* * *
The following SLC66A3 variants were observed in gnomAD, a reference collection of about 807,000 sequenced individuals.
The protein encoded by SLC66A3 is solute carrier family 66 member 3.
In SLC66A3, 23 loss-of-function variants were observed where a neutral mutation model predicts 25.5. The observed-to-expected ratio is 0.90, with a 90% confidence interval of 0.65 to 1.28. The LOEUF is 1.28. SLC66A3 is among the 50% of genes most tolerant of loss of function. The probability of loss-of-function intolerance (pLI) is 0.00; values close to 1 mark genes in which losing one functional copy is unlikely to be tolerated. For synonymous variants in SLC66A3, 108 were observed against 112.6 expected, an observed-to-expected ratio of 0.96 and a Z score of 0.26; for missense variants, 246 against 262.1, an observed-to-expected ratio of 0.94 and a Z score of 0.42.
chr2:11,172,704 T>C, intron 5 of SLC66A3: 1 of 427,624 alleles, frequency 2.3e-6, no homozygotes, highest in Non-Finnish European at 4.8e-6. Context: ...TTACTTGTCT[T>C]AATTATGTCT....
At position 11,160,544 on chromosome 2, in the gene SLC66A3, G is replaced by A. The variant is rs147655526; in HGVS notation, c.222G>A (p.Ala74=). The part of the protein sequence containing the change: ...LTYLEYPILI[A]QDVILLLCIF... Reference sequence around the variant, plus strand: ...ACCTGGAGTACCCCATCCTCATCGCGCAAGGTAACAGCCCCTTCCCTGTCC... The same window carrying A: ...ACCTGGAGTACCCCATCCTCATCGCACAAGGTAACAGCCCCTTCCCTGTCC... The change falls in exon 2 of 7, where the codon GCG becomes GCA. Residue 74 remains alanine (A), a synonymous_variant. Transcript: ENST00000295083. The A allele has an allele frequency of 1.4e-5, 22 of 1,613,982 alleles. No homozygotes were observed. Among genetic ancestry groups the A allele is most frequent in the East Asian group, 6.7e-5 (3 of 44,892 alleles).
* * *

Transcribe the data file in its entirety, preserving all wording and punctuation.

The following SLC66A3 variants were observed in gnomAD, a reference collection of about 807,000 sequenced individuals.
The protein encoded by SLC66A3 is solute carrier family 66 member 3.
In SLC66A3, 23 loss-of-function variants were observed where a neutral mutation model predicts 25.5. The observed-to-expected ratio is 0.90, with a 90% confidence interval of 0.65 to 1.28. The LOEUF is 1.28. SLC66A3 is among the 50% of genes most tolerant of loss of function. The probability of loss-of-function intolerance (pLI) is 0.00; values close to 1 mark genes in which losing one functional copy is unlikely to be tolerated. For synonymous variants in SLC66A3, 108 were observed against 112.6 expected, an observed-to-expected ratio of 0.96 and a Z score of 0.26; for missense variants, 246 against 262.1, an observed-to-expected ratio of 0.94 and a Z score of 0.42.
chr2:11,172,704 T>C, intron 5 of SLC66A3: 1 of 427,624 alleles, frequency 2.3e-6, no homozygotes, highest in Non-Finnish European at 4.8e-6. Context: ...TTACTTGTCT[T>C]AATTATGTCT....
At position 11,160,544 on chromosome 2, in the gene SLC66A3, G is replaced by A. The variant is rs147655526; in HGVS notation, c.222G>A (p.Ala74=). The part of the protein sequence containing the change: ...LTYLEYPILI[A]QDVILLLCIF... Reference sequence around the variant, plus strand: ...ACCTGGAGTACCCCATCCTCATCGCGCAAGGTAACAGCCCCTTCCCTGTCC... The same window carrying A: ...ACCTGGAGTACCCCATCCTCATCGCACAAGGTAACAGCCCCTTCCCTGTCC... The change falls in exon 2 of 7, where the codon GCG becomes GCA. Residue 74 remains alanine (A), a synonymous_variant. Transcript: ENST00000295083. The A allele has an allele frequency of 1.4e-5, 22 of 1,613,982 alleles. No homozygotes were observed. Among genetic ancestry groups the A allele is most frequent in the East Asian group, 6.7e-5 (3 of 44,892 alleles).